Bonnie Beryl Carries on When Stablemate Falters: Hypnotic Gives Way in Drive in Delaware Oaks; Red Shoes Second, Daily Racing Form, 1946-06-06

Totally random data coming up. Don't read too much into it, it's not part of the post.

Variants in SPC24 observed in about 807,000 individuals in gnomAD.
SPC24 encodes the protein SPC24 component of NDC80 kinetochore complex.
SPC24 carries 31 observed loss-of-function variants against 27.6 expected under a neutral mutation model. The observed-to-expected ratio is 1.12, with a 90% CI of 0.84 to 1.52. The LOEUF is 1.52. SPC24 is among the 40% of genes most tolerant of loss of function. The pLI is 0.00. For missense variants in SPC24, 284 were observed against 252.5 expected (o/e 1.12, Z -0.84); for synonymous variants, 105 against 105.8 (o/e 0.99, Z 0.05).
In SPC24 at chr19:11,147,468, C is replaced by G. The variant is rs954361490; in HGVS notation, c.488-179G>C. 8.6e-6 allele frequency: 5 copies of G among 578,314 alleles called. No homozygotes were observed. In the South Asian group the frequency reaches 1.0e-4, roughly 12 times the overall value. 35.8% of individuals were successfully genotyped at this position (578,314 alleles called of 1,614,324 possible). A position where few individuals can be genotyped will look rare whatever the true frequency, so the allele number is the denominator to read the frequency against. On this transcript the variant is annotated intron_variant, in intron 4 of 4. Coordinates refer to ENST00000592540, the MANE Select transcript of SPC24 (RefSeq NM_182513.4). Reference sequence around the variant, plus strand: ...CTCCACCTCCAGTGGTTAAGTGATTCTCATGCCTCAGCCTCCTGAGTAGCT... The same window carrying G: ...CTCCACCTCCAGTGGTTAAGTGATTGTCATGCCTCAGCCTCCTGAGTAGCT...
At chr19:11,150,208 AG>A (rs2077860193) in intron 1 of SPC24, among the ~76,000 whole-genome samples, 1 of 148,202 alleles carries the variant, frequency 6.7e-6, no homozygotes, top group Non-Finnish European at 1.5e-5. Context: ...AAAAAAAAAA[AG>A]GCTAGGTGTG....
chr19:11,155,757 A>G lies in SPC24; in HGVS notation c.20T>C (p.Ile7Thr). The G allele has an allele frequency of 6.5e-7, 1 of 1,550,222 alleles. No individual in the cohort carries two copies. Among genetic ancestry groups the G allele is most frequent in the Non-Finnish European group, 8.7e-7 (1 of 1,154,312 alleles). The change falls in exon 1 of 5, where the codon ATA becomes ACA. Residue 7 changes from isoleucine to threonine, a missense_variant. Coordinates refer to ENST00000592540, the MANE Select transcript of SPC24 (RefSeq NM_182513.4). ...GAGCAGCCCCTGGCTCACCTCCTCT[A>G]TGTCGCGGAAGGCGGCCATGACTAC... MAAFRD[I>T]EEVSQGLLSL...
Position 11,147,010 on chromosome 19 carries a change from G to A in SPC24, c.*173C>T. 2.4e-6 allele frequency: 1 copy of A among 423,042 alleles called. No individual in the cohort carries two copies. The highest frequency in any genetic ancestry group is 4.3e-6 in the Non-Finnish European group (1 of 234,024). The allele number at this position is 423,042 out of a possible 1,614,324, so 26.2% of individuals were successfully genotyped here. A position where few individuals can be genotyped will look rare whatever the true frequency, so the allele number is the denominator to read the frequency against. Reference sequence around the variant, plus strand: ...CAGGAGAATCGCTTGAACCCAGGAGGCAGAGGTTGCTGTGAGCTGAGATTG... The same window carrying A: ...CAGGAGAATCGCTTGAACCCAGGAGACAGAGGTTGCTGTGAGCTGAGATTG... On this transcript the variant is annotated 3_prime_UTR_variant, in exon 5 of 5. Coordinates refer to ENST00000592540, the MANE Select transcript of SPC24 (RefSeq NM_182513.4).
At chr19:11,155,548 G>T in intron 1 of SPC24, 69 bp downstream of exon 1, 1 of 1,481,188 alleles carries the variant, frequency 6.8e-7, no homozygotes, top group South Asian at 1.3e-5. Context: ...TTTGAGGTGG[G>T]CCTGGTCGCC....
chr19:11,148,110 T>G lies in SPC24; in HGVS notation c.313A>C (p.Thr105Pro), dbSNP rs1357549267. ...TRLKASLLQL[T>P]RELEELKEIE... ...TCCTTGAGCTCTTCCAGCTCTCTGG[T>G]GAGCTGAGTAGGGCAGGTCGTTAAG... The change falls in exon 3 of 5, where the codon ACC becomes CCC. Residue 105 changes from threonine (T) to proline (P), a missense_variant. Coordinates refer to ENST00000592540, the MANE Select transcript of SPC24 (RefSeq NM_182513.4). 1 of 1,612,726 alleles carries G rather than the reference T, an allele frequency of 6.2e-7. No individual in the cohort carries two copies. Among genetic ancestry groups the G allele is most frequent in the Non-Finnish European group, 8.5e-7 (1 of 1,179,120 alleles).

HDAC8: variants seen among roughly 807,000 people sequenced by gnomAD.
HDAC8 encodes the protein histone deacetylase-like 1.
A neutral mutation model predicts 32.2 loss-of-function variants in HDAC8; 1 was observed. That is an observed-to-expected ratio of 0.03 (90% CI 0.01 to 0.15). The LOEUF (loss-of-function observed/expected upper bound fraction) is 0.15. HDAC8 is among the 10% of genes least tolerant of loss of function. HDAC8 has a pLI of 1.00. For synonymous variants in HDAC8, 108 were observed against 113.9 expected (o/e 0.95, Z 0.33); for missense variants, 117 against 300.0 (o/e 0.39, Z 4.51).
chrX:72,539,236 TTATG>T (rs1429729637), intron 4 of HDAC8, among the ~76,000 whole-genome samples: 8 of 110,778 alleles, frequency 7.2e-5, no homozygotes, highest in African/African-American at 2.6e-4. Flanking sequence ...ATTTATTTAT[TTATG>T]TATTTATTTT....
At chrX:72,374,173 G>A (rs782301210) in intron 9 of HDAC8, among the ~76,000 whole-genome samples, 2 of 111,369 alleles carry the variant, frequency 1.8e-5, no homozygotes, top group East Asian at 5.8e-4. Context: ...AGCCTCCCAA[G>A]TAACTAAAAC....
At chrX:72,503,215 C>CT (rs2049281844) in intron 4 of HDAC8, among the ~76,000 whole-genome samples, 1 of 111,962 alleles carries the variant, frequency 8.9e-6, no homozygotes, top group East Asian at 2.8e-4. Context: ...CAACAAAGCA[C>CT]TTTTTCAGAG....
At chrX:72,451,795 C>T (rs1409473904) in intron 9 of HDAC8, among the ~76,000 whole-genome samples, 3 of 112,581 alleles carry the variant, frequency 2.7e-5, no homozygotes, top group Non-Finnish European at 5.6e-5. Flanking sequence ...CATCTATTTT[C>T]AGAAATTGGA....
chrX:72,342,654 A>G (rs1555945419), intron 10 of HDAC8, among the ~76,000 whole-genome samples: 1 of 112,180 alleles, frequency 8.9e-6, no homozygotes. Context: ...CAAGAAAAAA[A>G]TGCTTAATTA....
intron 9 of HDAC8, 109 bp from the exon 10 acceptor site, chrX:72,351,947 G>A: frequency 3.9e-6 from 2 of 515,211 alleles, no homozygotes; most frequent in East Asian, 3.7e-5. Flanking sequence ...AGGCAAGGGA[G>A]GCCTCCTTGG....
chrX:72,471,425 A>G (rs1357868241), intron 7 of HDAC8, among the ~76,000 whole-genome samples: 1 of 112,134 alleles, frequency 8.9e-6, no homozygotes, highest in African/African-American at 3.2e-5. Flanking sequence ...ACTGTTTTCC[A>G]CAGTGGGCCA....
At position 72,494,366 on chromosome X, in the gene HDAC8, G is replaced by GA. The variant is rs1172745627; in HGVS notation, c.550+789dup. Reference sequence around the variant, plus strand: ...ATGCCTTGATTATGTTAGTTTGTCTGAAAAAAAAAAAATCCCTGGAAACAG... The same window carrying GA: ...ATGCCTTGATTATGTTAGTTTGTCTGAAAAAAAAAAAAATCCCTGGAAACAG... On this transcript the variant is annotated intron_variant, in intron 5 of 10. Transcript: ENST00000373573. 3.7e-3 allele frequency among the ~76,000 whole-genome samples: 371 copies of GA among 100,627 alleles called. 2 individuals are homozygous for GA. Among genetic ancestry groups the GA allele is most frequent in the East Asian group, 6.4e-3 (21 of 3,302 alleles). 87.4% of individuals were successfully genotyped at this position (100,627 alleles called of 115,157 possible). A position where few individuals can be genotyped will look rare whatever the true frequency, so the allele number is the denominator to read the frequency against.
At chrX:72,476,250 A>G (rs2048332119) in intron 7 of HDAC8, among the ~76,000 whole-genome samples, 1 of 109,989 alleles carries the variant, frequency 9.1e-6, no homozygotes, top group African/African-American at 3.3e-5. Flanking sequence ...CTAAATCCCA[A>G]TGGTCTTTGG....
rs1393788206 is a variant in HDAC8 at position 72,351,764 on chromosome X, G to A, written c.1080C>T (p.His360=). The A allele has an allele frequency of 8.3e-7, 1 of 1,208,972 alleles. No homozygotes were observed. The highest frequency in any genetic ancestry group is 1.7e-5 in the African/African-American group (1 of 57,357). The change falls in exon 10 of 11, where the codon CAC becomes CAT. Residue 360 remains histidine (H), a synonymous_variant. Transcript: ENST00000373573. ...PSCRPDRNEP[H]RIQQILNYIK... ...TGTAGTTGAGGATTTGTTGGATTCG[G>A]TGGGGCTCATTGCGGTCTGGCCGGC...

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Bonnie Beryl Carries On When Stablemate Falters Hypnotic Gives Way in Drive in Delaware Oaks; Red Shoes Second DELAWARE PARK, Stanton, Del. June 5. — Bonnie Beryl, a three-year-old daughter of Fighting Fox and Bonnie Maginn, carried the white, red-spotted silks of William Woodwards Belair Stud to a thrilling victory in the eighth running of the mile and a furlong Delaware Oaks, but a share of the credit must go to her stablemate, Hypnotic, who finished fourth in the field. Responding to the clever handling of jockey Jimmy Stout, Bonnie Beryl charged past the early pacemakers when asked and captured the 3,970 purse with four lengths to spare over Mrs. Robert H. Heighes Proverb, with Howell E. Jacksons Red Shoes another two and a half lengths behind. Hypnotic was another length and a half behind the htird horse. Bonnie Beryls time was a commendable 1:51. Hypnotic may have been the more highly-regarded of the Belair tandem having made her abundance on early speed count in winning in the Coaching Club American Oaks from Red Shoes and Bonnie Beryl but it was the latter who had her running shoes on today. Hypnotic, however, handled her given assignment in excellent fashion. When the nine-horse field left starter George Palmers gate, apprentice Paul Miller sent Hypnotic to the front and quickly obtained the rail position. Red Shoes also exhibited her vaunted speed and had joined the Belair miss rounding the turn. This pair raced as a team to the half-mile pole, reeling off the first four furlongs in :46ft. Stout was content to follow the pace in fourth position with Bonnie Beryl, advancing a notch midway of the backstretch. Hypnotic began to shorten her stride at that stage of the race and Stout, sensing that fact, sent Bonnie Beryl after the leaders. Once she commenced her move, it was quite apparent that she was not to be denied for she literally flew by the first flight with ground-gaining strides. Once having taken the lead turning for home, Stout had only to keep her on a straight course as she drew into her four-length winning advantage.

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